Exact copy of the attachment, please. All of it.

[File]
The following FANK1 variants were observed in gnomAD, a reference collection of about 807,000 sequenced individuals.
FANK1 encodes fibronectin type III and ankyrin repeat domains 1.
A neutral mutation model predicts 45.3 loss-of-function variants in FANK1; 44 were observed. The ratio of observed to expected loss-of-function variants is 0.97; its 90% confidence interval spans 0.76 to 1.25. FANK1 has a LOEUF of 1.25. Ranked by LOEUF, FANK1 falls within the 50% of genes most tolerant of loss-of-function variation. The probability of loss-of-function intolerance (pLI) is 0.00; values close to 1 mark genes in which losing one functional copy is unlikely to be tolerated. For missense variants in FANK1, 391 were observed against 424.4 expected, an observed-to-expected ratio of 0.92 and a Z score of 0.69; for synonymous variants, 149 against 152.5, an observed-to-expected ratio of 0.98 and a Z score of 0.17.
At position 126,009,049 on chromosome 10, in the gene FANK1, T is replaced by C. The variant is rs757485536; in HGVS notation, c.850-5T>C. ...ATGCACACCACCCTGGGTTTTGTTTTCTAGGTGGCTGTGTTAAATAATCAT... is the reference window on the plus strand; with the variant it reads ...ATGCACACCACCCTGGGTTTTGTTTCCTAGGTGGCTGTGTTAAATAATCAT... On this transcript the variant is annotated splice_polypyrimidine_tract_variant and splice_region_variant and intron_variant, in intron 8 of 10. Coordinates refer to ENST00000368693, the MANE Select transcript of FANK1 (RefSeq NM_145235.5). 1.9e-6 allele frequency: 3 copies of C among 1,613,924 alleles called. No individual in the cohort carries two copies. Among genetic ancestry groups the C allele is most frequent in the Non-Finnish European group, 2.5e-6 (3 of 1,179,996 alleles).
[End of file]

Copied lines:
The following FANK1 variants were observed in gnomAD, a reference collection of about 807,000 sequenced individuals.
FANK1 encodes fibronectin type III and ankyrin repeat domains 1.
A neutral mutation model predicts 45.3 loss-of-function variants in FANK1; 44 were observed. The ratio of observed to expected loss-of-function variants is 0.97; its 90% confidence interval spans 0.76 to 1.25. FANK1 has a LOEUF of 1.25. Ranked by LOEUF, FANK1 falls within the 50% of genes most tolerant of loss-of-function variation. The probability of loss-of-function intolerance (pLI) is 0.00; values close to 1 mark genes in which losing one functional copy is unlikely to be tolerated. For missense variants in FANK1, 391 were observed against 424.4 expected, an observed-to-expected ratio of 0.92 and a Z score of 0.69; for synonymous variants, 149 against 152.5, an observed-to-expected ratio of 0.98 and a Z score of 0.17.
At position 126,009,049 on chromosome 10, in the gene FANK1, T is replaced by C. The variant is rs757485536; in HGVS notation, c.850-5T>C. ...ATGCACACCACCCTGGGTTTTGTTTTCTAGGTGGCTGTGTTAAATAATCAT... is the reference window on the plus strand; with the variant it reads ...ATGCACACCACCCTGGGTTTTGTTTCCTAGGTGGCTGTGTTAAATAATCAT... On this transcript the variant is annotated splice_polypyrimidine_tract_variant and splice_region_variant and intron_variant, in intron 8 of 10. Coordinates refer to ENST00000368693, the MANE Select transcript of FANK1 (RefSeq NM_145235.5). 1.9e-6 allele frequency: 3 copies of C among 1,613,924 alleles called. No individual in the cohort carries two copies. Among genetic ancestry groups the C allele is most frequent in the Non-Finnish European group, 2.5e-6 (3 of 1,179,996 alleles).